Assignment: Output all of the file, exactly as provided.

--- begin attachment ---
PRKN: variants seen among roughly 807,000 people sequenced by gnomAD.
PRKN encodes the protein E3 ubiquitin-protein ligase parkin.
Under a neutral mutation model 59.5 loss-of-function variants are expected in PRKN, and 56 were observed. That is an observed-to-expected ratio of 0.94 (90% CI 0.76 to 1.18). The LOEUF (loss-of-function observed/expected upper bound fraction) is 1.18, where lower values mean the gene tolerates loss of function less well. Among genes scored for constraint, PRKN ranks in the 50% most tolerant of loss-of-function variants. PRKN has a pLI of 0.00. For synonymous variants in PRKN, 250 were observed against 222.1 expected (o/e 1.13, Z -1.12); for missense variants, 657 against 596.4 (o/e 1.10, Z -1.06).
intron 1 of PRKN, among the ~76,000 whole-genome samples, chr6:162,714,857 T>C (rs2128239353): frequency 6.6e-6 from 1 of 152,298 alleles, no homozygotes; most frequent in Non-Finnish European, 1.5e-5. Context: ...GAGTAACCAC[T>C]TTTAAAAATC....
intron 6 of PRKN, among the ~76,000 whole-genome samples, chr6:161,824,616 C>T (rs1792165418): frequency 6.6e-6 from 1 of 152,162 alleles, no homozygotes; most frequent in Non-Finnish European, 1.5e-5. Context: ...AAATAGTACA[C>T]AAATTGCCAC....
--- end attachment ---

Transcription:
PRKN: variants seen among roughly 807,000 people sequenced by gnomAD.
PRKN encodes the protein E3 ubiquitin-protein ligase parkin.
Under a neutral mutation model 59.5 loss-of-function variants are expected in PRKN, and 56 were observed. That is an observed-to-expected ratio of 0.94 (90% CI 0.76 to 1.18). The LOEUF (loss-of-function observed/expected upper bound fraction) is 1.18, where lower values mean the gene tolerates loss of function less well. Among genes scored for constraint, PRKN ranks in the 50% most tolerant of loss-of-function variants. PRKN has a pLI of 0.00. For synonymous variants in PRKN, 250 were observed against 222.1 expected (o/e 1.13, Z -1.12); for missense variants, 657 against 596.4 (o/e 1.10, Z -1.06).
intron 1 of PRKN, among the ~76,000 whole-genome samples, chr6:162,714,857 T>C (rs2128239353): frequency 6.6e-6 from 1 of 152,298 alleles, no homozygotes; most frequent in Non-Finnish European, 1.5e-5. Context: ...GAGTAACCAC[T>C]TTTAAAAATC....
intron 6 of PRKN, among the ~76,000 whole-genome samples, chr6:161,824,616 C>T (rs1792165418): frequency 6.6e-6 from 1 of 152,162 alleles, no homozygotes; most frequent in Non-Finnish European, 1.5e-5. Context: ...AAATAGTACA[C>T]AAATTGCCAC....